Diversis diversa placent, et sua gaudia cuique.
Different people like different things,
and each person has their own pleasures.

TODAY'S FABLES:

FABULAE FACILES: The fable from the Fabulae Faciles widget is Sanctus Petrus et Rusticus , a medieval version of the Aesop's fable that usually features Heracles... with Saint Peter in the hero's place (this fable has a vocabulary list).

MILLE FABULAE: The fable from the Mille Fabulae et Una widget is Vulpecula et Tintinnabulum, a fable about how appearances, and sounds, can be deceiving.

Vulpes et Tympana

Freebookapalooza: Classics. Here is today's free book online: Greek and Roman Ghost Stories by Lacy Collison-Morley. There's also an audiobook version of this one!

Saturday, May 13, 2017

Latin Proverbs and Fables Round-Up: May 13

Here is a roun-up of today's proverbs and fables - and for previous posts, check out the Bestiaria Latina Blog archives. You can keep up with the latest posts by using the RSS feed, or you might prefer to subscribe by email.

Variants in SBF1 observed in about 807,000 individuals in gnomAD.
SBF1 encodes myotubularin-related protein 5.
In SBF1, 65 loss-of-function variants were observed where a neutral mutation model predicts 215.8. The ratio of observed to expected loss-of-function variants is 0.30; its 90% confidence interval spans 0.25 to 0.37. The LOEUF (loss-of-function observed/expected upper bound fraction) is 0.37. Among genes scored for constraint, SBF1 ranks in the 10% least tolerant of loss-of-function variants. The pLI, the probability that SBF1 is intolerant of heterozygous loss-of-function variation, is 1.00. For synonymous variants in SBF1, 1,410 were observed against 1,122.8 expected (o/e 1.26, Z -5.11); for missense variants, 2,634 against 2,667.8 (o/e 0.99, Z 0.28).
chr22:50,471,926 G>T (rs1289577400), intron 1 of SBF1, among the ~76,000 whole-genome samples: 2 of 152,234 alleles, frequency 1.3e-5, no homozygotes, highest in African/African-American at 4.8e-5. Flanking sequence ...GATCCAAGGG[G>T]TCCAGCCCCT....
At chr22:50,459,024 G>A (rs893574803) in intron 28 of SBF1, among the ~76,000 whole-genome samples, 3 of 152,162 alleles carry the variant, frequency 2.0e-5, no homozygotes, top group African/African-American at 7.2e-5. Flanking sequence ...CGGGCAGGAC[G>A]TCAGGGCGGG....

HODIE (Roman Calendar): ante diem tertium Idus Maias.

MYTHS and LEGENDS: The art image for today's legend shows Jason and Medea, and there are more images here.


TODAY'S MOTTOES and PROVERBS:

TINY PROVERBS: Today's tiny proverb is: Minime iudica (English: Do not judge).

PUBLILIUS SYRUS: Today's proverb from Publilius Syrus is: Deliberando saepe perit occasio (English: Often opportunity is lost while pondering).

PROPER NAME PROVERBS: Today's proper name proverb from Erasmus is Fuimus Troes (English: We were the Trojans; from Adagia 1.9.50).

ELIZABETHAN PROVERBS: Here is today's proverb commentary, this time by Taverner: Multis ictibus deiicitur quercus: With many strokes is an Oke overthrowen. Nothing is so strong, but by little and little may be brought downe. Wherfore yong men ought not to be discouraged by the greatnesse of an enterprise, so it be honest, for by continuance, seme it never so hard, it may be reclaimed and overcome.

BREVISSIMA: The distich poster for today is Melius Consilium Quam Vires. Click here for a full-sized view.


And here are today's proverbial LOLcats:



Vive in diem.
Live for the day.

Sic fuit, est, et erit: similis similem sibi quaerit.
Thus it was, is, and will be: like seeks like.

TODAY'S FABLES:

FABULAE FACILES: The fable from the Fabulae Faciles widget is Cervus et Amici Eius, a "with friends like these, who needs enemies?" type of fable (with a vocabulary list).